","articleThumbnail": {"thumbnailUrl":"/webimage/1.4691030.1518893702!/image/image.jpg_gen/derivatives/landscape_170/image.jpg","thumbnailWidth":170,"thumbnailHeight":"auto","imageAlt": "From Nicola Sturgeons point of view, the level-headed Angus Robertson will be a hard act to follow as deputy leader. Picture: Jeff J Mitchell/Getty"} ,"articleBody": "

Sure, more than 100,000 new members told an explicit story about a party on the up. And the money those new members paid for the privilege of joining didn’t do any harm either.

But, behind the scenes, wise heads in the SNP worried about how the party would keep so many new recruits in line. Those whose disappointment in the 2014 result had driven them into the arms of the nationalists were, by and large, of the view that a second referendum should be held as soon as possible; Alex Salmond’s replacement as leader, Nicola Sturgeon, thought otherwise.

It’s testament to Sturgeon’s skills as a leader that, since then, she has been able to manage the expectations of a huge, unwieldy party membership. She has kept them on their toes, ready to leap into constitutional battle at a click of her fingers while repeatedly failing to give them the referendum they so dearly want. That prize sits, just out of grasp, a tantalising possibility whose existence ensures discipline.

The First Minister’s cautious campaign may be about to be hopelessly undermined as the SNP chooses a new deputy leader.

The previous incumbent of this position, Angus Robertson, stepped down a fortnight ago. Robertson, a Sturgeon loyalist, had held on to the job despite losing his seat in last summer’s general election but, after that result, it was always a case of when rather than if he would quit.

Already, Robertson’s decision has exposed a significant split in the party over how it should proceed on the matter of independence.

The Glasgow Cathcart MSP, James Dornan, was first to declare his candidacy. Dornan, not, I would posit, known for his smart political thinking, stomped all over the First Minister’s cautious approach to the constitution.

SNP members should prepare for a second referendum as early as next year, said Dornan. This, I’m bound to point out, is not how the First Minister and members of her inner circle see things playing out.

And it’s not just on the timing of a second referendum that the views of Dornan and Sturgeon diverge. He told Scotland on Sunday last week that he was not convinced that plans for a second referendum were to blame for the SNP’s loss of 21 Westminster seats last June.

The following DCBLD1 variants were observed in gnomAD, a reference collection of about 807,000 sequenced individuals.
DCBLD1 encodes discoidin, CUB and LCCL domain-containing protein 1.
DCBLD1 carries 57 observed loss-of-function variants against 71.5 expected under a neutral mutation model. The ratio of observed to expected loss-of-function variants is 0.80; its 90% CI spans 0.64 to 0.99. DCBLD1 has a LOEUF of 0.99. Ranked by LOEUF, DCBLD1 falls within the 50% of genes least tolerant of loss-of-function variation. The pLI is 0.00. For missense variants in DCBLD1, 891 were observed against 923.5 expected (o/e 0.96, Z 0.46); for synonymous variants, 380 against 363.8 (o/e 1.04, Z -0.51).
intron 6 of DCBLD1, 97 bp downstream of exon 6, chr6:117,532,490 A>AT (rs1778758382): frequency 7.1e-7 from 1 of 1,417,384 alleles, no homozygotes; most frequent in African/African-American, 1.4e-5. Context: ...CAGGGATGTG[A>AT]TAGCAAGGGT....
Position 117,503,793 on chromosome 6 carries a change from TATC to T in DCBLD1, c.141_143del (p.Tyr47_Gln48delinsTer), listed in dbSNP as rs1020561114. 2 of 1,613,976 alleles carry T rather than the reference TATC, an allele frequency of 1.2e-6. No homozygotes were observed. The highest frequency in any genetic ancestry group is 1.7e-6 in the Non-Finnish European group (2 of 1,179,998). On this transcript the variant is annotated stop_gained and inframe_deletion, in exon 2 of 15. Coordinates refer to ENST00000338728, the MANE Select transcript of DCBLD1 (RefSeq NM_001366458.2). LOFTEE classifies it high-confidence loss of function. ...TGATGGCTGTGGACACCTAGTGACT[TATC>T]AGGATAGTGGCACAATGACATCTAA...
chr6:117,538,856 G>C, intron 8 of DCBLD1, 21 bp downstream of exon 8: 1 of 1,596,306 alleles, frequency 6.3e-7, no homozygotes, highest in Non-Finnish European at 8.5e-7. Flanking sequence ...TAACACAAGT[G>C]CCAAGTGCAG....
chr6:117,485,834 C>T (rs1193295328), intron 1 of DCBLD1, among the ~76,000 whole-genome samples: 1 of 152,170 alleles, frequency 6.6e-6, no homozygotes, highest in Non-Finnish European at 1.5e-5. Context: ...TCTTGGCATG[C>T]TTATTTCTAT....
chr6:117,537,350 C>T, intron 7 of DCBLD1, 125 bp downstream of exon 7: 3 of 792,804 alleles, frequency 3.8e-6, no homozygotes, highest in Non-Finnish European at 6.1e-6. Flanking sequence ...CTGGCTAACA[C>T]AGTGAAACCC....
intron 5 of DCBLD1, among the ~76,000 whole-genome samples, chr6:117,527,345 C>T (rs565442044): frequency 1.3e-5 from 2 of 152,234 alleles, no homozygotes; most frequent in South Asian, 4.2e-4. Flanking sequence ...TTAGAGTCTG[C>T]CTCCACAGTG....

This analysis – if that’s not overstating the quality of the thinking here – runs counter to that conducted by senior party figures who believe (wisely, in my opinion) that the SNP’s mebbes-aye-mebbes-naw approach to another vote on the constitution became intensely irritating to the No-voting majority.

Pete Wishart MP – who has not yet declared his intention to run – is also dipping a toe in the water of this particular debate. His take is rather different to Dornan’s. Wishart, who discovered, when his majority was slashed to just 21 last year, that using social media to taunt No voters as “nawbags” was a damned stupid thing to do, advocates a more cautious approach than Dornan. Now is the time, he says, for the SNP to think carefully about its next move and to consider more thoughtfully the views of those nationalists who voted Leave in last year’s EU referendum.

The SNP deputy leadership contest is shaping up to be a battle between two contradictory positions. Sturgeon could well do without this.

The First Minister most assuredly does not require as her deputy party leader someone agitating, like Dornan, for indyref2 sooner rather than later. She has been quite brilliant in the way she has offered party members nothing when it comes to the constitution while having them believe huge progress has been made. Dornan – or someone similarly excitable – would threaten this uneasy agreement between the leader and the led.

Opinion varies in SNP circles about what precisely Dornan thinks he’s playing at. The two conflicting views are either that he believes Sturgeon is wrong on the timing of a second referendum and is ready to defy her or that he is out of his depth and hasn’t thought of the implications of what he is saying.